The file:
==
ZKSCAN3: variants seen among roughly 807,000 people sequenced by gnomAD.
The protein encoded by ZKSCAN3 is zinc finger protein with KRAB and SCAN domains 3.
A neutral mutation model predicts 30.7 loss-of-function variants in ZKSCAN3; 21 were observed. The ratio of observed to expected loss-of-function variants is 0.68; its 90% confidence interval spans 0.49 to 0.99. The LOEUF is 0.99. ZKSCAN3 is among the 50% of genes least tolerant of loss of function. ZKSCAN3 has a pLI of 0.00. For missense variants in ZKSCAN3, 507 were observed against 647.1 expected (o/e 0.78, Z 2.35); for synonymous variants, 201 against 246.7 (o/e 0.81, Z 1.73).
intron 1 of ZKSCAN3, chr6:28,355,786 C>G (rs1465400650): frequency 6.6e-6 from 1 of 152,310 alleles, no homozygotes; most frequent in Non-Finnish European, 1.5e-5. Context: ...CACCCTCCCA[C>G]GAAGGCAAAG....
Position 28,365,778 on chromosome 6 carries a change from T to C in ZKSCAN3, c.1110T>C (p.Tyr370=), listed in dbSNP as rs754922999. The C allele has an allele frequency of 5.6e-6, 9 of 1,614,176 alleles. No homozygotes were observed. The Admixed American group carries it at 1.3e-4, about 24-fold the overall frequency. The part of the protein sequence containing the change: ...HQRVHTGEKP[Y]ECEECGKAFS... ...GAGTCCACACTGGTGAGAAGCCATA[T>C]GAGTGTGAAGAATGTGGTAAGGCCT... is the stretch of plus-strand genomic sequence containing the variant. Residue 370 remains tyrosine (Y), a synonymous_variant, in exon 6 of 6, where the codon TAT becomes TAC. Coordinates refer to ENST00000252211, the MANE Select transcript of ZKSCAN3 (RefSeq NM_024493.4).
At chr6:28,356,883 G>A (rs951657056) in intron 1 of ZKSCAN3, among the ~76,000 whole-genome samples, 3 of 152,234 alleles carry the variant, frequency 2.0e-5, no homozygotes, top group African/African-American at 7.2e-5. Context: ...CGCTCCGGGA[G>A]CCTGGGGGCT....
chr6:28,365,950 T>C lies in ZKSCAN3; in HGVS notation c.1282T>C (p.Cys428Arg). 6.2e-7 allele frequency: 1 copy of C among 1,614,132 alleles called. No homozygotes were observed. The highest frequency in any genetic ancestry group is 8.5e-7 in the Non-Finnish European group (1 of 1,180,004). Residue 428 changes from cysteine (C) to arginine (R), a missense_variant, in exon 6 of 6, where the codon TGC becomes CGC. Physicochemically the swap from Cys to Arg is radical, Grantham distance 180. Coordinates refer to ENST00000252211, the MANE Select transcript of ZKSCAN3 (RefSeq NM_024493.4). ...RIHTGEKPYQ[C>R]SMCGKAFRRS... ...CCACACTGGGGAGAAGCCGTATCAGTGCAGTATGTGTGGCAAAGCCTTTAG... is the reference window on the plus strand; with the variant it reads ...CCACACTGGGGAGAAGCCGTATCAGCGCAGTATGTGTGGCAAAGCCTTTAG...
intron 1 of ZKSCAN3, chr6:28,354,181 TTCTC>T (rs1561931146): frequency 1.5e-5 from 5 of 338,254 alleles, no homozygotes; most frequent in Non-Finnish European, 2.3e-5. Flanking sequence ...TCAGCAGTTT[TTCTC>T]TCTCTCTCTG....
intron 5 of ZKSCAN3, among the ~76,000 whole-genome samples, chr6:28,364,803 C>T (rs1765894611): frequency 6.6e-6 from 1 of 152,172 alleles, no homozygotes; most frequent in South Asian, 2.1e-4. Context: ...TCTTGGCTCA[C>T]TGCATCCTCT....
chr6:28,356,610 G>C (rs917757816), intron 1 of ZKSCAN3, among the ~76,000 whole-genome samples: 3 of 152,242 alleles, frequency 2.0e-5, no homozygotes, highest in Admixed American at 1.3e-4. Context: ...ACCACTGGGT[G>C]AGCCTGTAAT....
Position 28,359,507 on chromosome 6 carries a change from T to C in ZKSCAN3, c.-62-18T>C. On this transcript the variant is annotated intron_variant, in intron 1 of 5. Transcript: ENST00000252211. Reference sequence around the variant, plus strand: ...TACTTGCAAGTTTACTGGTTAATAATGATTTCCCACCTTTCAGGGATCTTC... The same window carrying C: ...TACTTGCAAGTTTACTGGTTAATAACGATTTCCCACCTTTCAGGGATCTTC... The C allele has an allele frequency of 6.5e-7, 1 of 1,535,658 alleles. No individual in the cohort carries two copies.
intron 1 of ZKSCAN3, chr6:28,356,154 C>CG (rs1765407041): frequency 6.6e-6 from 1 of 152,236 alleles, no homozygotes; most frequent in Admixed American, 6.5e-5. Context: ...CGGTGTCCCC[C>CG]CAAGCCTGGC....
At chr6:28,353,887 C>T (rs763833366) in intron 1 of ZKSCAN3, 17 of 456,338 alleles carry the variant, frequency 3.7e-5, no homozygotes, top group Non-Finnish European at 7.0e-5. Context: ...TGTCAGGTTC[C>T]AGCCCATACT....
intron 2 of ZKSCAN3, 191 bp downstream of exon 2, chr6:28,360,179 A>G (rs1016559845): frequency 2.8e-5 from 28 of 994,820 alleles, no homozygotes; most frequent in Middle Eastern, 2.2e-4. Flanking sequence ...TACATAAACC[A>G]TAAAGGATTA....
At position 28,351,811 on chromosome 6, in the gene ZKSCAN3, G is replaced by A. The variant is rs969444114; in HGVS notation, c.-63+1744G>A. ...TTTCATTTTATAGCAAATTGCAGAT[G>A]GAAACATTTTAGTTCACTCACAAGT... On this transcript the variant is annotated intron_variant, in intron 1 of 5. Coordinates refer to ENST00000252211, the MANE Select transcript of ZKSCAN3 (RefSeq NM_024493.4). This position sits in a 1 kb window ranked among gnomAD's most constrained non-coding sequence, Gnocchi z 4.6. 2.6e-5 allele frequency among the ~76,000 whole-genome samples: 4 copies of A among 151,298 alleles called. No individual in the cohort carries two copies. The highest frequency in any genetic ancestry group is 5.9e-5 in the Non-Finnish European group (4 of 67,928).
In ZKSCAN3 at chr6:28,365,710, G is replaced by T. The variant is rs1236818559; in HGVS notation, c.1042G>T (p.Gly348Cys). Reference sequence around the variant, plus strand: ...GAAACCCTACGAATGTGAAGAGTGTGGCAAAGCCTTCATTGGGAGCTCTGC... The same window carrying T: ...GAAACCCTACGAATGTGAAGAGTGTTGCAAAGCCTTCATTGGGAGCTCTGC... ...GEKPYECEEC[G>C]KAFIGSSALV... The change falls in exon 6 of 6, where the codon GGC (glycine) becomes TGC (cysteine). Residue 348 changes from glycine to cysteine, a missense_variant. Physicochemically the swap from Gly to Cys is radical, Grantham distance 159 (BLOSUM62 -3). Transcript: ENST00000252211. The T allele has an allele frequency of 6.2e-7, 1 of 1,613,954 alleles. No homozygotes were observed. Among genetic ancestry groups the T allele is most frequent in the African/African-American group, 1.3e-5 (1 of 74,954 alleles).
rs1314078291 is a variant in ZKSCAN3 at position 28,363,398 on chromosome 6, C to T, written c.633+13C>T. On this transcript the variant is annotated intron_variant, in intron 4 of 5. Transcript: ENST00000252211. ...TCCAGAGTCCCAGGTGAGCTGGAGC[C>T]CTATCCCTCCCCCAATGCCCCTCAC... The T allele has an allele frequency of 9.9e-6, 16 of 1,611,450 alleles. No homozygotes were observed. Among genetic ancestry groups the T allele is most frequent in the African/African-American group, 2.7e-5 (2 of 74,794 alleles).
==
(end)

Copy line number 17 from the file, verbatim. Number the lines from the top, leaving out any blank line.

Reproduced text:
rs1314078291 is a variant in ZKSCAN3 at position 28,363,398 on chromosome 6, C to T, written c.633+13C>T. On this transcript the variant is annotated intron_variant, in intron 4 of 5. Transcript: ENST00000252211. ...TCCAGAGTCCCAGGTGAGCTGGAGC[C>T]CTATCCCTCCCCCAATGCCCCTCAC... The T allele has an allele frequency of 9.9e-6, 16 of 1,611,450 alleles. No homozygotes were observed. Among genetic ancestry groups the T allele is most frequent in the African/African-American group, 2.7e-5 (2 of 74,794 alleles).